LITTLE ROCK — The Arkansas House failed Tuesday to renew the state’s compromise Medicaid expansion plan, leaving in limbo the future of a program heralded as a model for Republican-leaning states to implement the federal health overhaul.
The House voted 70-27 to reauthorize funding for the “private option,” falling five votes shy of the 75 needed in the 100-member chamber to continue the program. Under the private option, Arkansas is using federal Medicaid funds to purchase private insurance for thousands of low-income residents. The program was approved last year as an alternative to expanding Medicaid’s enrollment under the federal health law.
House Speaker Davy Carter, a supporter of the private option, said representatives would take up the bill again Wednesday and each day of the session after that until it passes. Carter said he’s not willing to negotiate further changes to the program.
“I would ask what the plan is for these small minority of members who want to hold everything up,” Carter, R-Cabot, told reporters after the vote.
Arkansas was the first state given federal approval to use Medicaid funds to purchase private insurance for the newly eligible under the health law. More than 87,000 people in Arkansas have been enrolled in the program, and several other states are pursuing or exploring similar plans.
Supporters of the law urged colleagues to not drop the program less than a year after its adoption, saying it’s already proven to be a success.
“Let’s see if this experiment we voted to try works,” said Rep. John Burris, R-Harrison, who helped craft the compromise expansion law last year.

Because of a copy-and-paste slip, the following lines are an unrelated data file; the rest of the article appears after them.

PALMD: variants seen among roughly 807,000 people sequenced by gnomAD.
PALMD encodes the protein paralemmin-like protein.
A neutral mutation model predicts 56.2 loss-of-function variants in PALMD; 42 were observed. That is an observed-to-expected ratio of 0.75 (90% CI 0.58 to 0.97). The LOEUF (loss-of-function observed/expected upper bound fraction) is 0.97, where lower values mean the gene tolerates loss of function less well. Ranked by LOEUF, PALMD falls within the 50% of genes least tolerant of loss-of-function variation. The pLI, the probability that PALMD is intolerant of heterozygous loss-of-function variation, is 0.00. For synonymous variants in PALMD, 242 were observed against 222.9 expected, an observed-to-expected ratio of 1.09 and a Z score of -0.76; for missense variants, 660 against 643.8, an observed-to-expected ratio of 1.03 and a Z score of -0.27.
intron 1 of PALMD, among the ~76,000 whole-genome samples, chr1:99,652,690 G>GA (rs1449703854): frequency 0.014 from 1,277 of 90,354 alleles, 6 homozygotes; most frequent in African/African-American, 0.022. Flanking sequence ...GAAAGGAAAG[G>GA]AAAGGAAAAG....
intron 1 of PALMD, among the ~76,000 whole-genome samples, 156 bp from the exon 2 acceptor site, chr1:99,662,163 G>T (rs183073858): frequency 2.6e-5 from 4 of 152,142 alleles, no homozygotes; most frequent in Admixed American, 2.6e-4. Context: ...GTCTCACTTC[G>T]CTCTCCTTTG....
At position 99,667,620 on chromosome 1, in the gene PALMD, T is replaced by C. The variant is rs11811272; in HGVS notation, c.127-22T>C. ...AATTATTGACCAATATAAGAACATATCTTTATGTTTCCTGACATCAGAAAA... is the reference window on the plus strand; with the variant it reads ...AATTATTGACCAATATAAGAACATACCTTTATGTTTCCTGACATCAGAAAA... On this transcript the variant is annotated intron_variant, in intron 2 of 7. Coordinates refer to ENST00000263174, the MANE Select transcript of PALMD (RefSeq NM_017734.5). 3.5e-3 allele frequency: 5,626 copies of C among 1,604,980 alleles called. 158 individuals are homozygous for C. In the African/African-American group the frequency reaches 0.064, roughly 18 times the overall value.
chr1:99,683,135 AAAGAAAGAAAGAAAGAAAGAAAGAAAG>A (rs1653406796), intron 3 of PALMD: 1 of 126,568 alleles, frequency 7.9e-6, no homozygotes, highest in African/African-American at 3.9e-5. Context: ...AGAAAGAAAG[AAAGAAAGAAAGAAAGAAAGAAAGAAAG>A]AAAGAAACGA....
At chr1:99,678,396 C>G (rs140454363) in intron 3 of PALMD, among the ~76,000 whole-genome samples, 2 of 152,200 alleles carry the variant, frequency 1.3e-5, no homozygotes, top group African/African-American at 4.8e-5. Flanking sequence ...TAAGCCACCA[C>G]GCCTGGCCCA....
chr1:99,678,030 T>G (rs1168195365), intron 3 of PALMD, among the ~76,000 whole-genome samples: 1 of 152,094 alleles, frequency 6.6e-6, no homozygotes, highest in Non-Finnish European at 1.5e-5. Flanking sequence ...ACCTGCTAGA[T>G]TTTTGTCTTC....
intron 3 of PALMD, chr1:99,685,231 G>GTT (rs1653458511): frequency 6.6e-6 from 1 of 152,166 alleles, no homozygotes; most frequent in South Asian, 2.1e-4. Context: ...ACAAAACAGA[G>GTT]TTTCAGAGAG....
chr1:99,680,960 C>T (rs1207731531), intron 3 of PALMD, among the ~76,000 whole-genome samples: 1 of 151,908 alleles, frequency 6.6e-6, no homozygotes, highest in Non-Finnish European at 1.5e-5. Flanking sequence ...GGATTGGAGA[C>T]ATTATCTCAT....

A chief opponent of the law, however, said the vote would give the state a chance to show its opposition to the law that Republicans have regularly derided as “Obamacare.” Republicans, who control the Legislature, have made major gains in the state over the past two elections by running against the president’s health care law.
“Is Arkansas going to be an enabler for Obamacare and the Washington, D.C. interests who seek to impose their will upon us?” House Majority Leader Bruce Westerman, R-Hot Springs, said before the vote. “Or, are we going to hold the line on behalf of the people of Arkansas in opposition to this dreadful law?”
Five of the “no” votes in the House came from lawmakers who backed funding the private option last year. One of them, Rep. Allen Kerr, said he didn’t believe the program was being implemented as promised.
“I think the fundamental process is extremely flawed and we need to back up and retool,” Kerr, R-Little Rock, said. “The way it stands today, there’s no way I’m going to vote to fund it.”
The legislation failed in the House even as its prospects improved in the state Senate.
Sen. Jane English, who had voted against the private option last year, announced that she would support the program’s funding in exchange for changes to the state’s workforce training program. Senate leaders say English’s backing gives them the 27 votes they need to pass the bill in the 35-member Senate, and said they may take up an identical version of the funding bill on Wednesday.
English, R-North Little Rock, announced her support after negotiating a deal with Gov. Mike Beebe and state officials to overhaul the state’s workforce training program. Beebe said the changes will help make the program more coordinated and performance-based.
“Instead of having more and more and more people on low income and poverty programs to find a way to get those people off those programs so we don’t need the private option and we don’t need those food stamps,” English said.
The proposal failed in the House despite changes proposed to the private option law that are intended to win over opponents of the program. They include a prohibition on the state spending any public funds on promotion or outreach for the private option, as well as the insurance marketplace created under the federal overhaul.
Rep. Nate Bell, who had proposed the amendments, said he remains opposed to the private option as a policy but didn’t see the need to spur a budget showdown over the vote.
“Just blocking a bill doesn’t pass anything,” Bell, R-Mena, said before voting for the funding measure. “Without a realistic plan from anybody to pass an alternative, we’ll be sitting here 45 days from now pushing buttons and wasting the people’s money and listening to rhetoric that doesn’t convince anybody.”